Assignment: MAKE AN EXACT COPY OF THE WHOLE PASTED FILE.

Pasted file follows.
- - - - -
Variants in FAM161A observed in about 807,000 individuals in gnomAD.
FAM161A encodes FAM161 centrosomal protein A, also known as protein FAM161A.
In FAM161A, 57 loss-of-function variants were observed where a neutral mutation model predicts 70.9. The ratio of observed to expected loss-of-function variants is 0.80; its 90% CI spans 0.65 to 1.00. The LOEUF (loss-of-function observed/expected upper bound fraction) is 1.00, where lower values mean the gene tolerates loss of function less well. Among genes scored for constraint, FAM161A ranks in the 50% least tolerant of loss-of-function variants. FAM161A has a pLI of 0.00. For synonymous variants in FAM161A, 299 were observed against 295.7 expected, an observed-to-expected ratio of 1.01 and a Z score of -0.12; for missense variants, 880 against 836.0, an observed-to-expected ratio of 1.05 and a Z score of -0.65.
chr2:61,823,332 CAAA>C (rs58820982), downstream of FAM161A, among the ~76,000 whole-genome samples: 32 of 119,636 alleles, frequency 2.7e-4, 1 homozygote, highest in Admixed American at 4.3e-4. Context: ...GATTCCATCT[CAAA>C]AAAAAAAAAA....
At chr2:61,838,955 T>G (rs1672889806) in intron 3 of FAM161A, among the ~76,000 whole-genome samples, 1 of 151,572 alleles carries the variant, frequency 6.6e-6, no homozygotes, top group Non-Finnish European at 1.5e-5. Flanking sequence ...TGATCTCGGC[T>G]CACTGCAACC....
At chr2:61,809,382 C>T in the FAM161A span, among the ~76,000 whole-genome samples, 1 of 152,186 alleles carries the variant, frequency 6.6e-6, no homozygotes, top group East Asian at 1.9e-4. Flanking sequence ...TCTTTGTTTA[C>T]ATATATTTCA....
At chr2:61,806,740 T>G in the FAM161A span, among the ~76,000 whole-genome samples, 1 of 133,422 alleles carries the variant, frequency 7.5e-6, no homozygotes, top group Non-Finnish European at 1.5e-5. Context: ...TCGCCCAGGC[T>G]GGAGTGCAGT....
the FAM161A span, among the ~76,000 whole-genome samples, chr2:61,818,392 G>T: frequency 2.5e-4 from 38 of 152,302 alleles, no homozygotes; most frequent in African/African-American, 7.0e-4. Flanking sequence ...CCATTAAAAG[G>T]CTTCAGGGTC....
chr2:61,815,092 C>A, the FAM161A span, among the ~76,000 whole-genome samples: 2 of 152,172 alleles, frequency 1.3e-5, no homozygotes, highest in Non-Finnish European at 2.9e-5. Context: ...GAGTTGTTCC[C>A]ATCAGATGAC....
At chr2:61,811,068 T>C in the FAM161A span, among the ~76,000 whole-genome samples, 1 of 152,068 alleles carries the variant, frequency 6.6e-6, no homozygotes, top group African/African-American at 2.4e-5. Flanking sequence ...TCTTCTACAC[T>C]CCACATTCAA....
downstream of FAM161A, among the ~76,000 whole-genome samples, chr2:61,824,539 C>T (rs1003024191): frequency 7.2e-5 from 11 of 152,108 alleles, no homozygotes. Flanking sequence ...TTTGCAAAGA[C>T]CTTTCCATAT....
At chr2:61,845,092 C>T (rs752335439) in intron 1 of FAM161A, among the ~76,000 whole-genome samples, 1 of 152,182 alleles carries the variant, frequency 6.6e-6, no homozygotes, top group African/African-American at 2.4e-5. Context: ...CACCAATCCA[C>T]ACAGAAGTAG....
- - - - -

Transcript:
Variants in FAM161A observed in about 807,000 individuals in gnomAD.
FAM161A encodes FAM161 centrosomal protein A, also known as protein FAM161A.
In FAM161A, 57 loss-of-function variants were observed where a neutral mutation model predicts 70.9. The ratio of observed to expected loss-of-function variants is 0.80; its 90% CI spans 0.65 to 1.00. The LOEUF (loss-of-function observed/expected upper bound fraction) is 1.00, where lower values mean the gene tolerates loss of function less well. Among genes scored for constraint, FAM161A ranks in the 50% least tolerant of loss-of-function variants. FAM161A has a pLI of 0.00. For synonymous variants in FAM161A, 299 were observed against 295.7 expected, an observed-to-expected ratio of 1.01 and a Z score of -0.12; for missense variants, 880 against 836.0, an observed-to-expected ratio of 1.05 and a Z score of -0.65.
chr2:61,823,332 CAAA>C (rs58820982), downstream of FAM161A, among the ~76,000 whole-genome samples: 32 of 119,636 alleles, frequency 2.7e-4, 1 homozygote, highest in Admixed American at 4.3e-4. Context: ...GATTCCATCT[CAAA>C]AAAAAAAAAA....
At chr2:61,838,955 T>G (rs1672889806) in intron 3 of FAM161A, among the ~76,000 whole-genome samples, 1 of 151,572 alleles carries the variant, frequency 6.6e-6, no homozygotes, top group Non-Finnish European at 1.5e-5. Flanking sequence ...TGATCTCGGC[T>G]CACTGCAACC....
At chr2:61,809,382 C>T in the FAM161A span, among the ~76,000 whole-genome samples, 1 of 152,186 alleles carries the variant, frequency 6.6e-6, no homozygotes, top group East Asian at 1.9e-4. Flanking sequence ...TCTTTGTTTA[C>T]ATATATTTCA....
At chr2:61,806,740 T>G in the FAM161A span, among the ~76,000 whole-genome samples, 1 of 133,422 alleles carries the variant, frequency 7.5e-6, no homozygotes, top group Non-Finnish European at 1.5e-5. Context: ...TCGCCCAGGC[T>G]GGAGTGCAGT....
the FAM161A span, among the ~76,000 whole-genome samples, chr2:61,818,392 G>T: frequency 2.5e-4 from 38 of 152,302 alleles, no homozygotes; most frequent in African/African-American, 7.0e-4. Flanking sequence ...CCATTAAAAG[G>T]CTTCAGGGTC....
chr2:61,815,092 C>A, the FAM161A span, among the ~76,000 whole-genome samples: 2 of 152,172 alleles, frequency 1.3e-5, no homozygotes, highest in Non-Finnish European at 2.9e-5. Context: ...GAGTTGTTCC[C>A]ATCAGATGAC....
At chr2:61,811,068 T>C in the FAM161A span, among the ~76,000 whole-genome samples, 1 of 152,068 alleles carries the variant, frequency 6.6e-6, no homozygotes, top group African/African-American at 2.4e-5. Flanking sequence ...TCTTCTACAC[T>C]CCACATTCAA....
downstream of FAM161A, among the ~76,000 whole-genome samples, chr2:61,824,539 C>T (rs1003024191): frequency 7.2e-5 from 11 of 152,108 alleles, no homozygotes. Flanking sequence ...TTTGCAAAGA[C>T]CTTTCCATAT....
At chr2:61,845,092 C>T (rs752335439) in intron 1 of FAM161A, among the ~76,000 whole-genome samples, 1 of 152,182 alleles carries the variant, frequency 6.6e-6, no homozygotes, top group African/African-American at 2.4e-5. Context: ...CACCAATCCA[C>T]ACAGAAGTAG....